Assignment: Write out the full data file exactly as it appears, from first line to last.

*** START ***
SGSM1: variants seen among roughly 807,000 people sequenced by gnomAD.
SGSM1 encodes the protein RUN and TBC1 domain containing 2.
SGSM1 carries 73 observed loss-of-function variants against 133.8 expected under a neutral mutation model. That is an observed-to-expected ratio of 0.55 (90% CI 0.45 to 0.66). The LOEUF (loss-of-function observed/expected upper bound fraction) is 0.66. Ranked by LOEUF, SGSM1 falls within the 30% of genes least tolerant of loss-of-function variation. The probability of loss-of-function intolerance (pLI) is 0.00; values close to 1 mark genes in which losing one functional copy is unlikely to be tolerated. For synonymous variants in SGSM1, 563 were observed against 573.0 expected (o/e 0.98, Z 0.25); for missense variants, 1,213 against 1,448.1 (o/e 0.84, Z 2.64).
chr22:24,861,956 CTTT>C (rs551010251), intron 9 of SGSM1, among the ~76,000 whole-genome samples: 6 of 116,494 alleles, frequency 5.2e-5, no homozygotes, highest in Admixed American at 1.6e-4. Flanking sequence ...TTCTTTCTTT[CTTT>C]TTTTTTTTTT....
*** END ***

SGSM1: variants seen among roughly 807,000 people sequenced by gnomAD.
SGSM1 encodes the protein RUN and TBC1 domain containing 2.
SGSM1 carries 73 observed loss-of-function variants against 133.8 expected under a neutral mutation model. That is an observed-to-expected ratio of 0.55 (90% CI 0.45 to 0.66). The LOEUF (loss-of-function observed/expected upper bound fraction) is 0.66. Ranked by LOEUF, SGSM1 falls within the 30% of genes least tolerant of loss-of-function variation. The probability of loss-of-function intolerance (pLI) is 0.00; values close to 1 mark genes in which losing one functional copy is unlikely to be tolerated. For synonymous variants in SGSM1, 563 were observed against 573.0 expected (o/e 0.98, Z 0.25); for missense variants, 1,213 against 1,448.1 (o/e 0.84, Z 2.64).
chr22:24,861,956 CTTT>C (rs551010251), intron 9 of SGSM1, among the ~76,000 whole-genome samples: 6 of 116,494 alleles, frequency 5.2e-5, no homozygotes, highest in Admixed American at 1.6e-4. Flanking sequence ...TTCTTTCTTT[CTTT>C]TTTTTTTTTT....